Second, the Commission may not consider felony or misdemeanor charges when considering whether to grant, suspend, revoke or limit an adviser's registration. Section 203 of the Act sets forth an exclusive list of the matters the Commission may consider before taking such action. Section 203(e)(2) provides that the Commission may consider whether an adviser or an advisory affiliate "has been convicted" of certain felonies or misdemeanors. The new information requested is therefore irrelevant to the Commission's evaluation of an adviser's registration.
Finally, information about felony and misdemeanor charges will be meaningless to investors. The same information is required to be disclosed on Form U-4. In Legg Mason's experience, it usually reveals that an individual committed a youthful indiscretion prior to his or her employment in the securities industry. Such information will not aid investors in evaluating an adviser's qualifications or ability.
Part 2A Should Not be Considered Filed With the Commission.
Under proposed Rules 203-1(b)(2) and 204-1(c), a federally registered adviser is not required to submit Part 2A of Form ADV or any amendments thereto with the Commission until the IARD is able to accept Part 2A.2 Instead, a federally registered adviser is required to maintain Part 2A and to provide it to the Commission upon request. Legg Mason commends the Commission for this reasonable approach. Investors will receive, and the Commission will have access to, the disclosure information in Part 2A. Moreover, federally registered advisers will not be unduly burdened by having to file paper copies of Part 2A and amendments thereto with the Commission until the efficiencies of the Investment Adviser Registration Depository ("IARD") are realized.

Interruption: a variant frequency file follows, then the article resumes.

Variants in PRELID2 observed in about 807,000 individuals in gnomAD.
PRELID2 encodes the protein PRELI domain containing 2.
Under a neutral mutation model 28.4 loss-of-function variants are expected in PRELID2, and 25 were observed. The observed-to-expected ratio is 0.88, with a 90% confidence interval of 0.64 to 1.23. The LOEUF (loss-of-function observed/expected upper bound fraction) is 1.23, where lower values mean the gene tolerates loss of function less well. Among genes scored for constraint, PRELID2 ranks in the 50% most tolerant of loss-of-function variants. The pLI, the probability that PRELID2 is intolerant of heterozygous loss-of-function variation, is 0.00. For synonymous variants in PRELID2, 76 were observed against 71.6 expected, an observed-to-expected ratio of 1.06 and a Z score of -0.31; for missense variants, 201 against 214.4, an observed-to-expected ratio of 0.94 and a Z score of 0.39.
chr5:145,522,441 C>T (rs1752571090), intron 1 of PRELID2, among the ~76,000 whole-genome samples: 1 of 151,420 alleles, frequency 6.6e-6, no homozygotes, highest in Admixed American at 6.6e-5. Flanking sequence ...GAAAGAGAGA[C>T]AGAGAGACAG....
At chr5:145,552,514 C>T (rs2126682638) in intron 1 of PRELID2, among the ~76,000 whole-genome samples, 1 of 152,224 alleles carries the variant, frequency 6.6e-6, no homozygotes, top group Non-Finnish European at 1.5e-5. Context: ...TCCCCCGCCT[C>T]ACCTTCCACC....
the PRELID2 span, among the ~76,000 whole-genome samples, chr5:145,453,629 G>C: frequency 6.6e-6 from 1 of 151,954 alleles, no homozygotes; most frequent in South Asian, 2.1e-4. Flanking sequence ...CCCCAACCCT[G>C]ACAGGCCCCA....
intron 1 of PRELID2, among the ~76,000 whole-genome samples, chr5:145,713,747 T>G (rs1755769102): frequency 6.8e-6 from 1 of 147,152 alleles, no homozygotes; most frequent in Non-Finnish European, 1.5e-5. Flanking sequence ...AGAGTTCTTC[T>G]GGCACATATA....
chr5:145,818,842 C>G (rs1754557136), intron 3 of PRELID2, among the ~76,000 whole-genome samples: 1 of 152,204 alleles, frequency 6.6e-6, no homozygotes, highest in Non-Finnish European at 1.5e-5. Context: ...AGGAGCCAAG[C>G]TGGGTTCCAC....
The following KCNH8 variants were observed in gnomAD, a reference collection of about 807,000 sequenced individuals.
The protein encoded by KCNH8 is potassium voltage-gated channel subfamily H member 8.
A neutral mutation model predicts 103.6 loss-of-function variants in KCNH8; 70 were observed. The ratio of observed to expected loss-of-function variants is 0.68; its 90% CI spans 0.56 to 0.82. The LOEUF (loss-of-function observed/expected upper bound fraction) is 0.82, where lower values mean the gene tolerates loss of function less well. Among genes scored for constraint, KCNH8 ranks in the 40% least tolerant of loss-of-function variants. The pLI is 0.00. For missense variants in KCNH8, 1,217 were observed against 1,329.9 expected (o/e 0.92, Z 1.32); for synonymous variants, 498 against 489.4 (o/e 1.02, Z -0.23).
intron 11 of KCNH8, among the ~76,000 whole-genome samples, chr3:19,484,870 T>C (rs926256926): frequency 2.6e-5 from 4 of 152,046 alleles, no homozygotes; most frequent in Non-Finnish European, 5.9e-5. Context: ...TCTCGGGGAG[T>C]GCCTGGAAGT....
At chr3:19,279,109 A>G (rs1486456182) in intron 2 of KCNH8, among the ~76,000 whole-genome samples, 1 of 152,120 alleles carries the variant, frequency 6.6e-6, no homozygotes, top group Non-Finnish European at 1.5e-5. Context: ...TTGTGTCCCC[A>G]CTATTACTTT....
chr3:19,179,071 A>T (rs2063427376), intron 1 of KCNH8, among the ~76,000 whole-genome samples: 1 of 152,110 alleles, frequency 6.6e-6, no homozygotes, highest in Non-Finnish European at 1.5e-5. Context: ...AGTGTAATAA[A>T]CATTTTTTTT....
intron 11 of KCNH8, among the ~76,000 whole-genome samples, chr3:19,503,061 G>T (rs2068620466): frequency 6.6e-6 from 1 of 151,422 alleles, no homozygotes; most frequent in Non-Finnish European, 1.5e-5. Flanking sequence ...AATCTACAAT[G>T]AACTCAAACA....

For these very same reasons, Legg Mason strongly opposes the proposal that Part 2A and amendments thereto be "considered filed with the Commission" so that states may require federally registered advisers to file paper copies of Part 2A and amendments thereto as part of their "notice" filings. This technical concession to NASAA will not result in greater disclosure or improved oversight. To the contrary, it will burden advisers for no reason.
The Commission is the sole registration authority with jurisdiction over federally registered advisers. The Commission has determined that it does not need a copy of Part 2A for every federally registered adviser until the IARD can accept Part 2A electronically. States have no authority to register federally registered advisers. They merely have the limited right to receive documents filed with the Commission "solely for notice purposes."3 Yet, the states have requested a special accommodation to enable them to receive more disclosure information from federally registered advisers than will be received by the Commission.